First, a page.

“I felt really silently confident that what I was going to offer him was not just gonna be a return back to that, you know what I mean? And he didn’t know for sure. He had seen my films and we knew each other a little bit, but he could have gotten there and…I just knew how we would work. I really had an instinctual feeling that he would feel comfortable working with Phil and me and all of the people I’ve worked with on all of these films. I just kind of knew he was gonna like it, that he would feel comfortable because it’s not restrictive, it’s pretty loose and it’s not about fucking visitors on the set, or press kits and shit like that. I felt really confident that he was going to be happy, and I dare say he was. Because I did feel I wanted it to be good for him, I wanted a good environment for him to work, because I could see his frustrations that many actors go through.”
"I really had an instinctual feeling that (Joaquin) would feel comfortable working with Phil and me and all of the people I’ve worked with on all of these films. I just kind of knew he was gonna like it, that he would feel comfortable because it’s not restrictive, it’s pretty loose and it’s not about fucking visitors on the set, or press kits and shit like that.” - Paul Thomas Anderson
The Master comes 5 years after There Will Be Blood, a long time between drink that his fans and Anderson himself was not comfortable with. “We thought after There Will be Blood we’ll be able to kind of cash in, but it was not the case. It was back to square one”
Hoping not to have history repeat itself, Anderson is already hard at work on his next project, an adaptation of Thomas Pynchon’s novel Inherent Vice, a late 1960s set stoner-crime-story which already has Robert Downey Jr attached to star.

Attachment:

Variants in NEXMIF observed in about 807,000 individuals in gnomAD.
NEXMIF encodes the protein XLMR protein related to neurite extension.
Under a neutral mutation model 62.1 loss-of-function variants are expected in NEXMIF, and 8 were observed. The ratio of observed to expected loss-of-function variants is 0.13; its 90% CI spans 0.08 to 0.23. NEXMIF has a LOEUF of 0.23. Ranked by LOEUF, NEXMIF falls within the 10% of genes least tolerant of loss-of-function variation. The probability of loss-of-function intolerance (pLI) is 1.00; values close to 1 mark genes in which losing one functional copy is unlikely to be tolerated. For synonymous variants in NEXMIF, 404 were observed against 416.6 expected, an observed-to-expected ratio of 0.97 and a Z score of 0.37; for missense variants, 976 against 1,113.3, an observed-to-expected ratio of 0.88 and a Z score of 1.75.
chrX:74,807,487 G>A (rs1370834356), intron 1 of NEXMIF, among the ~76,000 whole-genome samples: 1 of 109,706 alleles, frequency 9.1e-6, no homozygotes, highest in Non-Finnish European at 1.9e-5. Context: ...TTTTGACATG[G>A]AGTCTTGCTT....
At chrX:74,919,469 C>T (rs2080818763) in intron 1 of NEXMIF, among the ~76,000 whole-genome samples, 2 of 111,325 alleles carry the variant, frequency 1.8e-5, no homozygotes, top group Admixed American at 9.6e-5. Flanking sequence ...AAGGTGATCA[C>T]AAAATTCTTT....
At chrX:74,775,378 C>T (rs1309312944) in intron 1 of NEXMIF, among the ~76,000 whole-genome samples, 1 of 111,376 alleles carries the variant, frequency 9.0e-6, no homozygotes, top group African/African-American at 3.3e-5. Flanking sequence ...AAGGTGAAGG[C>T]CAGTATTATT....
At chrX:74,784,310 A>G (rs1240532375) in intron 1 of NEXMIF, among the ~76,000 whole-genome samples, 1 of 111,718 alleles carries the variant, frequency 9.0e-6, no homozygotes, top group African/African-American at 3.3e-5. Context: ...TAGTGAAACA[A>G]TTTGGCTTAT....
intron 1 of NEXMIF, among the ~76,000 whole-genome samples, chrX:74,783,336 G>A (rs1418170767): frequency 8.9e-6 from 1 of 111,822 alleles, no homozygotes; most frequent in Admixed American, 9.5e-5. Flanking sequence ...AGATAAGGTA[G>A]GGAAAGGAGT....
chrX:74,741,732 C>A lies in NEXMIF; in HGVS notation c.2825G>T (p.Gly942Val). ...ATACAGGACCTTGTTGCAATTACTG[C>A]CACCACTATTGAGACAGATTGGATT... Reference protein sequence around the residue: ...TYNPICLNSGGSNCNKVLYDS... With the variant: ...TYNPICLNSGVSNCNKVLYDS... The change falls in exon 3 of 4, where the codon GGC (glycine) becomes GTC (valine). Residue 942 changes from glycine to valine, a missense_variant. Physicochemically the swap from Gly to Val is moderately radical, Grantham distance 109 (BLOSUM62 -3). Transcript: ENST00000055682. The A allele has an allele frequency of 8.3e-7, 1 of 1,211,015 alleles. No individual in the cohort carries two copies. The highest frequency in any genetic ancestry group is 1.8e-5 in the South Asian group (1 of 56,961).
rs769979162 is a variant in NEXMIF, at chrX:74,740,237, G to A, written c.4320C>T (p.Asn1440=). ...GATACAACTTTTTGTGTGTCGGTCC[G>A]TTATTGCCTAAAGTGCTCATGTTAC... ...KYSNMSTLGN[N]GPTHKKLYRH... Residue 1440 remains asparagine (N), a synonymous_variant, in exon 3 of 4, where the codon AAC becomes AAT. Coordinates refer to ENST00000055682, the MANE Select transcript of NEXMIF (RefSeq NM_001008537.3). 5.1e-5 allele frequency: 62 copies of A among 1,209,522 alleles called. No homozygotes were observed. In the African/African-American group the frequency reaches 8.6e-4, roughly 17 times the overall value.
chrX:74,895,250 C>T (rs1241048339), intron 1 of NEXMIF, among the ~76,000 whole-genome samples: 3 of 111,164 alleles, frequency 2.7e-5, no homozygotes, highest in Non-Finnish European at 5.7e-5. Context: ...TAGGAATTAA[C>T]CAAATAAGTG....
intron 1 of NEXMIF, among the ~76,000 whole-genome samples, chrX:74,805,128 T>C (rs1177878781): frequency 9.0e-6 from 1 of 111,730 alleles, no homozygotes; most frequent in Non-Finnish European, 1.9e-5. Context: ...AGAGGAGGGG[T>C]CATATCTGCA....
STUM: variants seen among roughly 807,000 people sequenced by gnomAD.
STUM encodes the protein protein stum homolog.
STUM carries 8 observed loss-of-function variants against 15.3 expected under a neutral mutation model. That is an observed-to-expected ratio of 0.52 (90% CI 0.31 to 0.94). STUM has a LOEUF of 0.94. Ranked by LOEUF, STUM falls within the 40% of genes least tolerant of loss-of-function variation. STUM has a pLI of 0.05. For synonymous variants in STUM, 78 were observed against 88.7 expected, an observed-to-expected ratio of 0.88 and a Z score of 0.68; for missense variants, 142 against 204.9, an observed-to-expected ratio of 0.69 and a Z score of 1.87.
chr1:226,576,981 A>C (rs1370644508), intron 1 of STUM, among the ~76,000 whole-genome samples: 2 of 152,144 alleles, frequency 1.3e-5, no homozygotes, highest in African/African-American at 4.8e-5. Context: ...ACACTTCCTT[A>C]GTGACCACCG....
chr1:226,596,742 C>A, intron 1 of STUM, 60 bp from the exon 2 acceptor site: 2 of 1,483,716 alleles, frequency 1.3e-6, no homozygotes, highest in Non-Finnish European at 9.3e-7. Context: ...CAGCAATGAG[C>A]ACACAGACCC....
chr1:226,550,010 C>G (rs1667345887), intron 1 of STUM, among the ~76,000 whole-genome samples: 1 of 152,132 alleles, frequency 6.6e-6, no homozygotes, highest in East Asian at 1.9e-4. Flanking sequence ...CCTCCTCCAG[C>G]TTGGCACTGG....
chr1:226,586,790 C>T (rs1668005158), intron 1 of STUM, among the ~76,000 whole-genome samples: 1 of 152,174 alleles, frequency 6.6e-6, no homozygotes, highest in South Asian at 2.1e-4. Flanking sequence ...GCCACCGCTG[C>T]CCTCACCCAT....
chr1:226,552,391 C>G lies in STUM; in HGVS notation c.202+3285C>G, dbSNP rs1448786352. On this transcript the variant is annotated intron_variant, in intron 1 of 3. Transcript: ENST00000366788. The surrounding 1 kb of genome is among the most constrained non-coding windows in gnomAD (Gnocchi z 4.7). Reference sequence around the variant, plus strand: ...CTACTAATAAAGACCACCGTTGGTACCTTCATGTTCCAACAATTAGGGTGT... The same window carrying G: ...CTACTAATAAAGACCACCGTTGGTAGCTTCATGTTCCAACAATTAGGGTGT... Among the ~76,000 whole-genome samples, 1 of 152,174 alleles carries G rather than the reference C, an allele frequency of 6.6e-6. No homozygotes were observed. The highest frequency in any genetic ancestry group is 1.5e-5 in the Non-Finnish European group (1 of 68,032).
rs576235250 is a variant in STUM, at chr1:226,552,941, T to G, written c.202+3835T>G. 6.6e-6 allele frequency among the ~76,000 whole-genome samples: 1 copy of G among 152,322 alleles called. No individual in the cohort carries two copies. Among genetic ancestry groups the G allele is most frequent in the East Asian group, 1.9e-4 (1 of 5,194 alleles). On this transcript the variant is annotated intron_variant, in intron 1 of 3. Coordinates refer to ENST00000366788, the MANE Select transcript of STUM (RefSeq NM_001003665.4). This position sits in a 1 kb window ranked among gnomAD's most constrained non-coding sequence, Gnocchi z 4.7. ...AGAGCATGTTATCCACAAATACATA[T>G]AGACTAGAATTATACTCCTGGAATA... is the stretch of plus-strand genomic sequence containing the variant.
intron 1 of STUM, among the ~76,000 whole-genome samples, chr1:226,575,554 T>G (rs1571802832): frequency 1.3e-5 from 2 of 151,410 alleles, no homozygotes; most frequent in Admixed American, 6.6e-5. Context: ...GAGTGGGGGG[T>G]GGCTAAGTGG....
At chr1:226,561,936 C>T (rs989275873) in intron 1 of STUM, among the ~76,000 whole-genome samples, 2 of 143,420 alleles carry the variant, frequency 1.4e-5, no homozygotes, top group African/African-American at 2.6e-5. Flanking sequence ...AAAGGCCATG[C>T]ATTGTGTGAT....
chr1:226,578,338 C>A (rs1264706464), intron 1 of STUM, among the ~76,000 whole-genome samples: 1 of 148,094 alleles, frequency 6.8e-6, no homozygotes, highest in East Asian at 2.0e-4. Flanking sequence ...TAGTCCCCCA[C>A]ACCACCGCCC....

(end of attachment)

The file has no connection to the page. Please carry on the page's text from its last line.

“It’s coming along pretty good” revealed Anderson. “It’s hard, but it’s fun…just to work so intimately with somebody else’s writing fucking makes you feel like it’s a learning lesson. Really like going back to school. Just watching someone spill with words and moving them around and how they can do it…it’s like a master class for sure. It’s really humbling…it’s less like writing for me and more like ushering something, like an editor. So it’s a different thing entirely, which is fun. It’s great to mix it up and not make something from scratch. So we’ll see how it goes.”
Right now it’s The Master that is Anderson’s highest priority. A shoe-in for well-deserved Oscar nominations come January, The Master exemplifies Anderson as a filmmaker of consistently high quality yet one who fearlessly tackles unconventional subjects, an always welcome combination and alternative in our box-office obsessed times.